By Brett Spiegel
You may have heard horror stories about medical instruments being left inside the body post-surgery. These accounts -- referred to by doctors and surgeons as "never events" -- may not be urban legend, but rather, real and ever-growing.
According to a new study published in the journal Surgery, over 4,000 cases of never events occurred annually between 1990-2010.
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The researchers, said study leader Marty Makary, MD, MPH, an associate professor of surgery at the Johns Hopkins University School of Medicine, estimated that 80,000 of these so-called "never events" occurred in American hospitals -- and believed their approximations are likely on the low side.
The team examined medical malpractice claims -- all patient triumphant lawsuits -- to assess the effect of never events on physicians, patients, and the healthcare system.
"I think if all of that information is public, patients will not have to walk into a hospital blind," Dr. Makary told The Atlantic. "They'll know about the quality of care in their hospital, and the hospital, most importantly, will be accountable."
The study concluded that of the total yearly count of never events, 6.6 percent resulted in patient death and were mistake related, about 33 percent resulted in permanent injury, and roughly 60 percent caused temporary injury. Reparations amounted to $1.3 billion.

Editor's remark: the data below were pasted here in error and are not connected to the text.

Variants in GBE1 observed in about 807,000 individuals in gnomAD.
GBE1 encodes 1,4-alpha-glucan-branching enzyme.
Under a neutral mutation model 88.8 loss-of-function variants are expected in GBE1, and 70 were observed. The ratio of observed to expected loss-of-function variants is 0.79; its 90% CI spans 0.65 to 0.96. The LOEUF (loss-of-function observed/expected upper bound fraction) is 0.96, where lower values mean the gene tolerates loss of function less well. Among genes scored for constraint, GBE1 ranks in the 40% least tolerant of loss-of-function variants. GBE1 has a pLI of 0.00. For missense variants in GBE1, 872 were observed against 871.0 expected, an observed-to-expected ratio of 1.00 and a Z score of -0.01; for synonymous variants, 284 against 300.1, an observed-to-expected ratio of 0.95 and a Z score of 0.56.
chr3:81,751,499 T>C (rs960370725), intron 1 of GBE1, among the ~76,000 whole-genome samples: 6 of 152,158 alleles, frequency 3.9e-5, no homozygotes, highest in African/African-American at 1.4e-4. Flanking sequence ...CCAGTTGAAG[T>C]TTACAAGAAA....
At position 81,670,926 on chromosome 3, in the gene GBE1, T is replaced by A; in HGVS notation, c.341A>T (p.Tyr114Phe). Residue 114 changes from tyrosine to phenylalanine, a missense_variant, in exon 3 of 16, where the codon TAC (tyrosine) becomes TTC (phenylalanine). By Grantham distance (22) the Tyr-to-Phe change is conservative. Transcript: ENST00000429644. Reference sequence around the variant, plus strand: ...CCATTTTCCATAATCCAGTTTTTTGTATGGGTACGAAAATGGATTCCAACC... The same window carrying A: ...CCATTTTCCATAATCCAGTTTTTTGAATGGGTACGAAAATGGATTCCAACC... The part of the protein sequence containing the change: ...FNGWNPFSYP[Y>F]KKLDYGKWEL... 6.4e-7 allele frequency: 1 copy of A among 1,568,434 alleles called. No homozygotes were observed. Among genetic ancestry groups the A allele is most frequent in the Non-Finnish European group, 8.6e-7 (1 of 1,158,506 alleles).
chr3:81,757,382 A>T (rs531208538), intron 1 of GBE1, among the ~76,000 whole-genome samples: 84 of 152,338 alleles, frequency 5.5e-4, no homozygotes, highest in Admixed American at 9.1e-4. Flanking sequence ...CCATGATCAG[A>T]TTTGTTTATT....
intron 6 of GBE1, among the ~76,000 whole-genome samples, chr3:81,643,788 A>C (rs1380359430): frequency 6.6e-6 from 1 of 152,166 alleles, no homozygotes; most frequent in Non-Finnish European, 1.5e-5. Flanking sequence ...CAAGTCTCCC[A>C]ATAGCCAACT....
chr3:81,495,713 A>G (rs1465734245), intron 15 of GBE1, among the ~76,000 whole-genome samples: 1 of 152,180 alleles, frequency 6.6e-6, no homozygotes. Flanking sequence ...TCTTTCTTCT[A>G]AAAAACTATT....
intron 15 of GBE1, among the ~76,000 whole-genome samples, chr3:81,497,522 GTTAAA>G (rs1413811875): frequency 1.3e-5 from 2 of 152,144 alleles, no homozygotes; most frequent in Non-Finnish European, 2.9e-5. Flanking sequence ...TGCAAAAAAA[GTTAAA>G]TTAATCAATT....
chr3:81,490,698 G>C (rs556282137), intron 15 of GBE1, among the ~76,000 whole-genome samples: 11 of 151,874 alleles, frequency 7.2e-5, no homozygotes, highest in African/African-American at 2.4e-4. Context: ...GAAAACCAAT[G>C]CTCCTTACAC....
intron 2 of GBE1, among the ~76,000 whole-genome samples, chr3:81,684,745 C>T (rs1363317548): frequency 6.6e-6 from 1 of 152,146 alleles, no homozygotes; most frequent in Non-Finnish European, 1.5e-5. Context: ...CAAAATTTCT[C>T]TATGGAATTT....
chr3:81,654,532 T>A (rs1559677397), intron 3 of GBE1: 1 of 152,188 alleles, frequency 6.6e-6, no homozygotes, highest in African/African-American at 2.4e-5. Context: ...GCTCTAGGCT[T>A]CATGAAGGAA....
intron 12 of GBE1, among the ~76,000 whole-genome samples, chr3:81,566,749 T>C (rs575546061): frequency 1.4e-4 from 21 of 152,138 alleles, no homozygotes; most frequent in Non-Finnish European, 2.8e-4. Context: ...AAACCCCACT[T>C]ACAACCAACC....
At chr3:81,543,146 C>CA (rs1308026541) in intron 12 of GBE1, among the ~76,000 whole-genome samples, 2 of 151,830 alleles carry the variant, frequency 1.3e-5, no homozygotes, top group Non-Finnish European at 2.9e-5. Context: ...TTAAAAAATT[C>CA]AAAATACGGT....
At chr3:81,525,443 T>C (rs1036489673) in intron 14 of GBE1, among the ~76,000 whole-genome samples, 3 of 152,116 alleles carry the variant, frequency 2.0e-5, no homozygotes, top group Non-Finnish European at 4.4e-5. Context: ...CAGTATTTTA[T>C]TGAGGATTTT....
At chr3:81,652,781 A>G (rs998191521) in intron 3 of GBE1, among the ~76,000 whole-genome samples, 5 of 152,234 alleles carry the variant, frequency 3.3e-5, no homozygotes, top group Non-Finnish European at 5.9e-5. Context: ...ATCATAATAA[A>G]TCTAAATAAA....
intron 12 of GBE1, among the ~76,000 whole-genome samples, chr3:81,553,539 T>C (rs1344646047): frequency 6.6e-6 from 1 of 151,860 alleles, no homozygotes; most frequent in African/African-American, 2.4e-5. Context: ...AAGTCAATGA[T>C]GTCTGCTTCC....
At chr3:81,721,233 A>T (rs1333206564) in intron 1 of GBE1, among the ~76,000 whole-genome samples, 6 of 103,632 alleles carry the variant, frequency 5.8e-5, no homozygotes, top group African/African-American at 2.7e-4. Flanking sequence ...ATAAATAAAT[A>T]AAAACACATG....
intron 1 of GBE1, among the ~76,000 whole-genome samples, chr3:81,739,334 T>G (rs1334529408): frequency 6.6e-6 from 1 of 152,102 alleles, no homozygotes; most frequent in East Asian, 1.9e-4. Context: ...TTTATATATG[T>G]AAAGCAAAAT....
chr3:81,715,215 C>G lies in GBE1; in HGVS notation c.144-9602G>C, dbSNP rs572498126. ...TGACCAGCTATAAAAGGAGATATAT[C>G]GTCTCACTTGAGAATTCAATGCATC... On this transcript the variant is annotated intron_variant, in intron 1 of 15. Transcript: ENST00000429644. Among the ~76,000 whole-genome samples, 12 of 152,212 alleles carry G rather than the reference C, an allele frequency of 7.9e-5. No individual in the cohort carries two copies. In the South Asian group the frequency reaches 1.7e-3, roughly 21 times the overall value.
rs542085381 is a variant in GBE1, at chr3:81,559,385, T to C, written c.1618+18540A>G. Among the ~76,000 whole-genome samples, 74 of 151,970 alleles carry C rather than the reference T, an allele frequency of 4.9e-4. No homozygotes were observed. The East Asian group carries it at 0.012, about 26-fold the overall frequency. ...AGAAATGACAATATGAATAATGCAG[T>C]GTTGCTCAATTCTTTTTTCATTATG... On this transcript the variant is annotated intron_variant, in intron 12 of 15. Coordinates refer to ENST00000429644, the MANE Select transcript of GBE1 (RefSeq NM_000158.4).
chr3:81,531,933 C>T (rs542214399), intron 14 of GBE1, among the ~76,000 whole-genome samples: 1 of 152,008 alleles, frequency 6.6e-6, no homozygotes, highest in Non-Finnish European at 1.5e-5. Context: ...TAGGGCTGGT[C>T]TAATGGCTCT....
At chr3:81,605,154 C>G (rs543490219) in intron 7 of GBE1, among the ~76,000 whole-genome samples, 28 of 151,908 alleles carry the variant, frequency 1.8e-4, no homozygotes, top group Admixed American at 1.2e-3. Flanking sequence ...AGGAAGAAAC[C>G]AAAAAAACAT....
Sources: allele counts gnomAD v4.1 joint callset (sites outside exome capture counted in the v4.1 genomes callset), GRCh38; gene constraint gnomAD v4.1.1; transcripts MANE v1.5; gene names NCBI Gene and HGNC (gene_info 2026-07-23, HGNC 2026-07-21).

The estimated 4,000 yearly occurrences broke down to a weekly count of more than 30 foreign objects lingering in patients and 20 medical procedures conducted on incorrect areas of the body. That's on top of another 20 cases in which the incorrect procedure was performed. Moreover, this occurred more than once among 12.4 percent of medical practitioners.
Certain protocol has been implemented to combat the rising frequency of never events in medical facilities including marking surgery sites with ink, enforcing checklists and electronic bar codes, and counting surgical items pre and post operation. Though precision can be fallible, these efforts hope to minimize human error.
But more regulation is needed, doctors say.
"We all know the health care system is broken, burdening our families, businesses, and national debt. It needs common-sense reform," Dr. Makary wrote in his book Unaccountable. "Transparency can empower their consumers to make their hospitals accountable and make the practice of medicine more honest."
"Surgeons Leave Swabs, Instruments in Patients" originally appeared on Everyday Health.
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